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Common Tread

On top of component shortages, Yamahas and Ducatis trapped on Ever Given

May 04, 2021

It's been a frustrating year for motorcycle manufacturers. On top of component shortages and supply chain disruptions that have hit the motorcycle industry (and many others), we now know that two companies, Yamaha and Ducati, have products delayed because they are stuck on the MV Ever Given, which you may know as the ship that made headlines last month by blocking the Suez Canal.

The situation got so bad for Yamaha Motor Europe that the company recently released an apology video to its customers and dealers. Yamaha Motor Europe N.V. President and CEO Eric de Seynes said things were looking up as demand for Yamaha’s motor vehicles returned to pre-pandemic levels for the 2021 season. Unfortunately for Yamaha, and every other motorcycle manufacturer, global shipping and supply issues were much worse than anticipated.

“The long-term effects of the coronavirus pandemic on the supply chain are becoming clear,” said de Seynes. "These effects are making it difficult to fulfill our key duty of making enough product available.”

To make matters worse, the Ever Given was transporting thousands of Yamaha products and components when things went sideways. Those products are in limbo for the foreseeable future because once the ship was re-floated, authorities seized it and its cargo of 18,000 shipping containers, then impounded it in Egypt’s Great Bitter Lake. Authorities are holding the ship and cargo until their demands are met that Evergreen Marine, the shipping company chartering and operating the Ever Given, pay nearly a billion dollars for the disruption. $300 million is for “loss of reputation” alone. Even if a resolution is reached, there aren't even any cranes large enough to unload the ship in that region of the world.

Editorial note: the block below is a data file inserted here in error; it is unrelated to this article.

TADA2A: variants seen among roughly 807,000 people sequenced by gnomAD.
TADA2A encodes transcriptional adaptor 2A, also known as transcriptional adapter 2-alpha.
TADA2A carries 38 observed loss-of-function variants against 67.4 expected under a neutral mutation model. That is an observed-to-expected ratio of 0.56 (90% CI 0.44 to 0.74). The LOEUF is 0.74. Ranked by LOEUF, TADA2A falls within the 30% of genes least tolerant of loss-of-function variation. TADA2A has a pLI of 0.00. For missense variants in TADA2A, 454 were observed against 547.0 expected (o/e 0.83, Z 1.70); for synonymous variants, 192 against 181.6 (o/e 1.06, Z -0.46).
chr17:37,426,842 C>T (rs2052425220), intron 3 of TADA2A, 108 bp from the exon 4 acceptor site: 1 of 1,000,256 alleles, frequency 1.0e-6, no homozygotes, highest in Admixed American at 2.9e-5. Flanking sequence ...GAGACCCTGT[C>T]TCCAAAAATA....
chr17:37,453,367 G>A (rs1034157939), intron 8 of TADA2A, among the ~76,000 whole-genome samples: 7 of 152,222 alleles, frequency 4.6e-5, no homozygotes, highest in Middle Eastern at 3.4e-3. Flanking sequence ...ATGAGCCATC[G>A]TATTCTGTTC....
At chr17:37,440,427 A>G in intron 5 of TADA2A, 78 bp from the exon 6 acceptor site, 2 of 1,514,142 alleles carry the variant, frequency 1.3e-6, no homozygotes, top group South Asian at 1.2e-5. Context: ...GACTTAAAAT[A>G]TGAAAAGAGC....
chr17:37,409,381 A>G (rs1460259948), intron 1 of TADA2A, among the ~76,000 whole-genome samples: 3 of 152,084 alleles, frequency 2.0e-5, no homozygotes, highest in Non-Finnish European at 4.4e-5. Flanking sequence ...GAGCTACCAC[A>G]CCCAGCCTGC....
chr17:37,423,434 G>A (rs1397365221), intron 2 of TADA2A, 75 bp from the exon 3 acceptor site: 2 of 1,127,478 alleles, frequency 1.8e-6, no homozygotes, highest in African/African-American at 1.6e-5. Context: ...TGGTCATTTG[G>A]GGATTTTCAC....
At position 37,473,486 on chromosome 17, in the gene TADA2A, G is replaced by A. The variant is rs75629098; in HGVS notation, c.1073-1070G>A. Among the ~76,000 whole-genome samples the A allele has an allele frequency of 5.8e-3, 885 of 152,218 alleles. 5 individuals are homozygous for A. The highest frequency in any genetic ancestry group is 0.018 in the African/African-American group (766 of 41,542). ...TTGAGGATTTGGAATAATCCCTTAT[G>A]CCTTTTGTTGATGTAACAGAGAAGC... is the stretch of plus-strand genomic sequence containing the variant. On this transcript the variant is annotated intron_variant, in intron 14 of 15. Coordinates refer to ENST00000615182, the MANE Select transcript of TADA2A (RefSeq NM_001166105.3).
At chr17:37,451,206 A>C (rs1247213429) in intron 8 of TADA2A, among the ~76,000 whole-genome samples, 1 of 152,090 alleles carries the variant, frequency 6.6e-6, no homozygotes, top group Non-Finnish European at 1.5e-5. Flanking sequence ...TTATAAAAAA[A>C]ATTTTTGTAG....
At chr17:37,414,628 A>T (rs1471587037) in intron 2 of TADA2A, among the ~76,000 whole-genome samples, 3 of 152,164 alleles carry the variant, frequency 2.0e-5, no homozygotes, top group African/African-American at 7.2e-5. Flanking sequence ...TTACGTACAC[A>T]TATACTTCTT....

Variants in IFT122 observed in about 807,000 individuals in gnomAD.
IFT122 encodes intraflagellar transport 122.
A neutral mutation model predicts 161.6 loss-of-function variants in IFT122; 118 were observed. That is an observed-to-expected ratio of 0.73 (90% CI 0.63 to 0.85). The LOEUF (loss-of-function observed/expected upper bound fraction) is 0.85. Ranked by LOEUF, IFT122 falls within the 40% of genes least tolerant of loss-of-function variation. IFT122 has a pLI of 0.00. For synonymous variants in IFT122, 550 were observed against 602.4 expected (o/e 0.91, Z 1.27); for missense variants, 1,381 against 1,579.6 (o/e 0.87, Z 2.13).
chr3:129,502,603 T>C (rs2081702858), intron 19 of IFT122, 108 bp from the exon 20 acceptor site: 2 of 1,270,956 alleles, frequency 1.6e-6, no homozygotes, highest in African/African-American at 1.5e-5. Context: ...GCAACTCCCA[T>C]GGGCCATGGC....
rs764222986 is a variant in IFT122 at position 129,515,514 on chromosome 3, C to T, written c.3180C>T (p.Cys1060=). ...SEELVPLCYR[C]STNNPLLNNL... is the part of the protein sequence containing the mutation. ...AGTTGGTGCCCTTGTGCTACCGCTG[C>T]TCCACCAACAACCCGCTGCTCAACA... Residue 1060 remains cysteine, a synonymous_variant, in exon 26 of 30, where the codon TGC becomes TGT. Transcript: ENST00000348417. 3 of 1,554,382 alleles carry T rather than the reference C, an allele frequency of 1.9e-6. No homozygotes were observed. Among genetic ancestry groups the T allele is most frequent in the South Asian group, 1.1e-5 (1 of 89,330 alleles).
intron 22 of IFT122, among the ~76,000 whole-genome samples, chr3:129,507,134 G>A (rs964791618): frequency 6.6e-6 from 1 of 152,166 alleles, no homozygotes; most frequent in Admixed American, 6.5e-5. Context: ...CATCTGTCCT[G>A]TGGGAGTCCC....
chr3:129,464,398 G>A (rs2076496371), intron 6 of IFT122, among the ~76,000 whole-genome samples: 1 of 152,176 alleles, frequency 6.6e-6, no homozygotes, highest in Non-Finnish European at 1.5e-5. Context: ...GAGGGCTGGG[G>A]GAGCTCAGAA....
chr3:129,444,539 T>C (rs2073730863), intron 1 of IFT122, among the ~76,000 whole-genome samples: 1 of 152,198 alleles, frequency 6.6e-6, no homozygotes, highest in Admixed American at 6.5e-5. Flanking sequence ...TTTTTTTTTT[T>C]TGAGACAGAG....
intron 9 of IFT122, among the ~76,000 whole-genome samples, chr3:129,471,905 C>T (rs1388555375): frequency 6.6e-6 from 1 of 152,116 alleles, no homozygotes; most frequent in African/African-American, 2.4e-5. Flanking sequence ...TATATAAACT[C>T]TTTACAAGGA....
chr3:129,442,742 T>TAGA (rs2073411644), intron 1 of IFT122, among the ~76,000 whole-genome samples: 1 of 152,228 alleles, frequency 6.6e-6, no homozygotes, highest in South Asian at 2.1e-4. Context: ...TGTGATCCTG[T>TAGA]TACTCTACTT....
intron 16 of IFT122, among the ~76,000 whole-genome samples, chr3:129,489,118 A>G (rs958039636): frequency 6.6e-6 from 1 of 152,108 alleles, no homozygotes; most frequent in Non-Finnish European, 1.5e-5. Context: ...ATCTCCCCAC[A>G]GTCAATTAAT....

Yamaha isn’t the only manufacturer affected by the Ever Given’s predicament. Ducati also has containers stranded on that ship. The products inside “probably will not respect the estimated delivery time,” Ducati says. 

While the Ever Given connection makes for a catchy headline, it’s only a single example of the global supply chain disruptions that are affecting the entire motorcycle industry, as well as others. Ford recently reduced its projected production for the year because of a shortage of semiconductors. The global semiconductor shortage has also impacted Yamaha’s factories, de Seynes said. A single missing component can delay production, or even close production lines, while shipments lag.

Our recent article on the strong used motorcycle market noted that high prices for used bikes are partly fueled by a low supply of new motorcycles. Beyond the blockage of the Suez Canal, backups at other major ports, such as Long Beach in California, have led to shortages of many goods and components and all that is affecting how many motorcycles are available at your local dealership.